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Ray Peat Diet, Food Choices, And General Guidelines

Discussion in 'Diet, Recipes' started by charlie, Jul 19, 2012.

  1. charlie

    charlie The Law & Order Admin

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    Also read: Notes Toward an "Optimal Peat Diet" | Ray Peat Forum

    The information below is pulled from other sites. We are in the process of putting together our own chart and food recommendation list at the link above based on Ray Peat philosophies.


    *Graphic above is used with permission from Steven Smith.

    Proteins:
    Daily protein should be at least 80 grams, preferably 100 if you are working or otherwise active. An egg has about 6 grams, a quart of milk about 32 grams, meat, cheese, and fish are usually about 20% protein, so a pound would be enough for a day. It's important to have fruit or other carbohydrate with the protein for efficient metabolism. Milk, cheese, eggs, shellfish are good protein sources, and potato protein is high in quality, if the potato is very well cooked and eaten with butter or cream. Although potatoes contain only about 2% protein, a kilogram of potato has roughly the protein value of a liter of milk (which is 3% protein), because of its high quality. Unless you are buying eggs from a verified grass-fed, free range source he recommends limiting them to one or two a day, and making sure to have plenty of carbohydrate around the same time to prevent sugar crash.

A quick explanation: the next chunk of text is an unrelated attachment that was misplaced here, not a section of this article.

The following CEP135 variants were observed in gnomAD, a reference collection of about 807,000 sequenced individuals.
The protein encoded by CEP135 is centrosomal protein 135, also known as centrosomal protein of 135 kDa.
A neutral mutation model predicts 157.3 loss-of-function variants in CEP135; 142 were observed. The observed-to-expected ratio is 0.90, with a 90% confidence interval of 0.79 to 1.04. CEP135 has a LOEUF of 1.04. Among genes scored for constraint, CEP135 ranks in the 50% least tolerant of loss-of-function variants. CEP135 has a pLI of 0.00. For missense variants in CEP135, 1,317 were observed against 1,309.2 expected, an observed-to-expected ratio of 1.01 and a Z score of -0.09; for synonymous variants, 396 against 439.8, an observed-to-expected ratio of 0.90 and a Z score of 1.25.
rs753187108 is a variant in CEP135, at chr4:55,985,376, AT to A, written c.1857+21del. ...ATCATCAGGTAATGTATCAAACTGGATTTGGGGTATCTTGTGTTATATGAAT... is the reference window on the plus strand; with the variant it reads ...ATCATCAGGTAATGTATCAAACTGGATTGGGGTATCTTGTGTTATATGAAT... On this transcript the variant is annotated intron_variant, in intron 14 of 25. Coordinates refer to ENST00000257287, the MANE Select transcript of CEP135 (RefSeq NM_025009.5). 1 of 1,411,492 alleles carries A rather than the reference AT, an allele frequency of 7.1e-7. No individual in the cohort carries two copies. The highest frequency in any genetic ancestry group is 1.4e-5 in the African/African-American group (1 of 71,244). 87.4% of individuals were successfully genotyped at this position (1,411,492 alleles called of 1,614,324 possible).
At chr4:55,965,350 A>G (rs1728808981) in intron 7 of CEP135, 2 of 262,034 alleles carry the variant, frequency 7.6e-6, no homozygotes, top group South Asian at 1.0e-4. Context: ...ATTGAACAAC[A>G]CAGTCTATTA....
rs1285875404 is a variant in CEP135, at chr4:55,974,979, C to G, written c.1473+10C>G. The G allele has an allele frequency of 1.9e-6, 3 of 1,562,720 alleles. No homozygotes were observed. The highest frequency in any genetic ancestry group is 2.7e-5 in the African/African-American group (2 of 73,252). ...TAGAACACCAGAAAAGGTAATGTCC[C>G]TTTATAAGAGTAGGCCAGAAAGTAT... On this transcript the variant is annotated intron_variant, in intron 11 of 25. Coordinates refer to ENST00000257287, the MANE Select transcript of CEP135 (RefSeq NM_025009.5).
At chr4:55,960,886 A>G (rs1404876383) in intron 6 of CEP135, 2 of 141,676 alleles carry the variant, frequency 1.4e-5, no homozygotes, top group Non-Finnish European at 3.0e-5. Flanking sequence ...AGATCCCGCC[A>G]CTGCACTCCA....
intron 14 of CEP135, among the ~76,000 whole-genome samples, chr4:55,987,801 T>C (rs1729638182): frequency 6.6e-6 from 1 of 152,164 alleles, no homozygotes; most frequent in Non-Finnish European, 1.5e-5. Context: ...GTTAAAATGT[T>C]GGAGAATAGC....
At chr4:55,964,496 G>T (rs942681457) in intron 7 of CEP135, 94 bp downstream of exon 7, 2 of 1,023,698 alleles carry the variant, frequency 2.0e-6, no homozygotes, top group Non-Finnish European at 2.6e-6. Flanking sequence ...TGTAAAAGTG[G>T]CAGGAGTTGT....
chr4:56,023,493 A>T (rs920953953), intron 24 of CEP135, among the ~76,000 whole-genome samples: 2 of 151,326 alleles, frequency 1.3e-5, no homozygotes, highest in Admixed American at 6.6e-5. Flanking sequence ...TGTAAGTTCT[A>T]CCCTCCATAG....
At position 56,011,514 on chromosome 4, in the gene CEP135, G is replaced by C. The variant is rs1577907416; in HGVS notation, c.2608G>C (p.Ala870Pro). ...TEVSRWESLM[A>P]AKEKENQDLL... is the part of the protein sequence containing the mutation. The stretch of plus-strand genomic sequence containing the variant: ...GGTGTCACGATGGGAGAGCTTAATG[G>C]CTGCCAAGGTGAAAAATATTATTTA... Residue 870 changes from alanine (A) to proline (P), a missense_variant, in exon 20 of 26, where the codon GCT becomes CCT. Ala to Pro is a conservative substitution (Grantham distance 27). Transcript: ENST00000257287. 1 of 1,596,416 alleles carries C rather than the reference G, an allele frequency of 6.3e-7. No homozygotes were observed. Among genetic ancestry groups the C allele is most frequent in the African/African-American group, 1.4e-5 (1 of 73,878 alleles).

Meats like ground beef, steak, liver, and pork chops are rich in cysteine, which “turns off” the thyroid gland as soon as your body uses up it’s glycogen and ideally shouldn't be your main source of protein. Muscle meats should be eaten with the gelatin it comes with, or supplemental gelatin (see below), to balance out an anti-thyroid amino acid called tryptophan (which is also found in whey protein formulations). Traditionally, muscle meats are eaten with the fat, skin and the gelatin that they come with, so this is mostly an issue in first-world countries where we have protein powders and pure muscle meats readily available. Chicken liver contains such a small amount of fat it's okay to have in addition to or instead of beef liver (which should be consumed weekly). Pork or chicken every 7- 10 days is okay if your metabolic rate (thyroid function) is good. When chicken is stewed, gelatin from the skin is valuable, and much of the fat can be skimmed off(just remember chicken is not optimal). With any of the muscle meats, including fish, gelatin is helpful for balancing the high cysteine, methionine, and tryptophan content. Regarding bacon, Peat says, “The nitrate isn't likely to be a problem if you eat it with orange juice. I fry the bacon to remove some of the fat, and then refry it in coconut oil, to remove most of the PUFA.”

    Fatty fish like salmon and herring should be avoided because their fat content is mostly unsaturated; as a general rule, cold blooded animals like fish tend to produce unsaturated fats while warm blooded animals like cows and pigs tend to produce saturated and monounsaturated fats. Cod and sole are good fish, since they have the marine minerals (especially selenium), but low fat content. Tuna is good as protein, but the fat it contains is highly polyunsaturated; eating once a week, especially with homemade coconut mayo should be safe.of course

    Regarding his recommendation of daily gelatin: